Getting to Know Your Sockeye Salmon

Chris - February 23, 2015

Shaun knows fish. Spending a couple of hours with Shaun at a pickup is like browsing an encyclopedia of BC fishing. If you don’t know Shaun Strobel, he and his wife Sonia co-founded Skipper Otto’s Community Supported Fishery (CSF). Otto is Shaun’s dad and they both still fish for salmon every year along BC’s coast. For people like me and our members, that means we can learn a lot about our seafood from Shaun. What follows is my attempt to capture a small taste of it.

With the fishing season still a few months away, members are still taking advantage of last year’s bounty. That’s most true in the case of our sockeye salmon.

2014 was an amazing year for Fraser River sockeye. It was one of the top five returns since the mid-70’s. Sockeye salmon from various runs were delivered to members over last season but the August-September late-run Fraser River sockeye is what topped up our inventory for the off season. It’s worth noting that our CSF’s ability to stock up and pay fair wages for this large catch was made possible by our loyal members who signed up all the way back in the fall for the 2015 season.

Shaun and Otto caught the sockeye we have available now in the Johnstone Straits off the northeast of Vancouver Island. The area is a great place to intercept the salmon long before they get to the mouth of the Fraser River and their subsequent 500 kilometre journey upriver to the Shuswap Lake and the Adams River spawning grounds. The Fraser River sockeye often split around Vancouver Island when they return from their northern two to three year ocean journeys with some taking the inside route past Port Hardy, Alert Bay and Campbell River. The rest swim the length of the west coast of the island then around the south end and back up through American waters. For reasons that are known only to the salmon, they all took the inside route in 2014, which proved a boon to BC fishermen.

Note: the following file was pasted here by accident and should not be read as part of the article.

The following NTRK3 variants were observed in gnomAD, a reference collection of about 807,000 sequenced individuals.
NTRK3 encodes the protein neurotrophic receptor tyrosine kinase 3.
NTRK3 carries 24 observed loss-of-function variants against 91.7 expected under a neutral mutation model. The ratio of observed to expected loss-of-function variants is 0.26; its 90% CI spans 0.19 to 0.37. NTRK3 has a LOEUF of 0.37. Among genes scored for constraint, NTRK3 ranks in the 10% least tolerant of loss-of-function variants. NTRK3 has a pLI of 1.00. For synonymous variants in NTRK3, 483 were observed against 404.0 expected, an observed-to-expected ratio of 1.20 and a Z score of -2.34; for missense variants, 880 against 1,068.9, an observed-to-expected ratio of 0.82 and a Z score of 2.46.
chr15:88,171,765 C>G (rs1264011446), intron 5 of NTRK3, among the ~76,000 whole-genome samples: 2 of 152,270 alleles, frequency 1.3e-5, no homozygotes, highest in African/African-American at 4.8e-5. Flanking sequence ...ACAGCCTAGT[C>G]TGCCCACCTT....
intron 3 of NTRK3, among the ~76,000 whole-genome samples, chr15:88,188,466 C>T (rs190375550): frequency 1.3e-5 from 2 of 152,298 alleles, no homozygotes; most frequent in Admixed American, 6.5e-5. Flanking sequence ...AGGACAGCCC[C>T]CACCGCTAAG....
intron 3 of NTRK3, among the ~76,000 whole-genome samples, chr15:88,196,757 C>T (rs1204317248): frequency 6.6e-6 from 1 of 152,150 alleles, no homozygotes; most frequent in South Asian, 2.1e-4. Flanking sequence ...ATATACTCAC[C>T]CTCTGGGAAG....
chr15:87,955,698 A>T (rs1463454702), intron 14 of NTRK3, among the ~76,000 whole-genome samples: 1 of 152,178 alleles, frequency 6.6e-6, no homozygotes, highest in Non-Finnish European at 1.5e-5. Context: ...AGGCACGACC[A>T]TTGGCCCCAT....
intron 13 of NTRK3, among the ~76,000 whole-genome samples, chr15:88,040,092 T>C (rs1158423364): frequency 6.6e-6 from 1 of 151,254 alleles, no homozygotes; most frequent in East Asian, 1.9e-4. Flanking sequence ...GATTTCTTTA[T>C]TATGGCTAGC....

Shaun and Otto fished Johnstone Strait over the course of five weeks in August and September and caught 3,479 sockeye salmon (they record every single fish). They used gill nets with spacing that ideally suited the size of these salmon. Gill nets are particularly good at limiting the amount of non-targeted species that are caught up in their nets since smaller fish go right through the spaced holes and larger fish bounce off. Special revival tanks are used onboard the Omega V to resuscitate and then release non-targeted fish when they are caught up in the nets.

The salmon were then brought back to Vancouver in the icy, slush tanks of the Omega V. Our processor, Rumi Hokubay and her small crew of multi-generational, traditional Japanese fish cutters gutted and filleted the sockeye by hand. Fillets were vacuum-sealed and blast frozen, making them sushi-grade and safe to eat raw. They were then professionally stored at extremely cold temperatures for optimal quality. With that, they wait for members to order them at a pickup.

So for the next few months, when you share a Skipper Otto’s sockeye fillet with a friend or family member, be sure to regale them with everything you know about your Johnstone Strait sockeye and the men and women that got it to your plate.

Chris - February 23, 2015


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Getting to Know Your Sockeye Salmon

Chris - February 23, 2015

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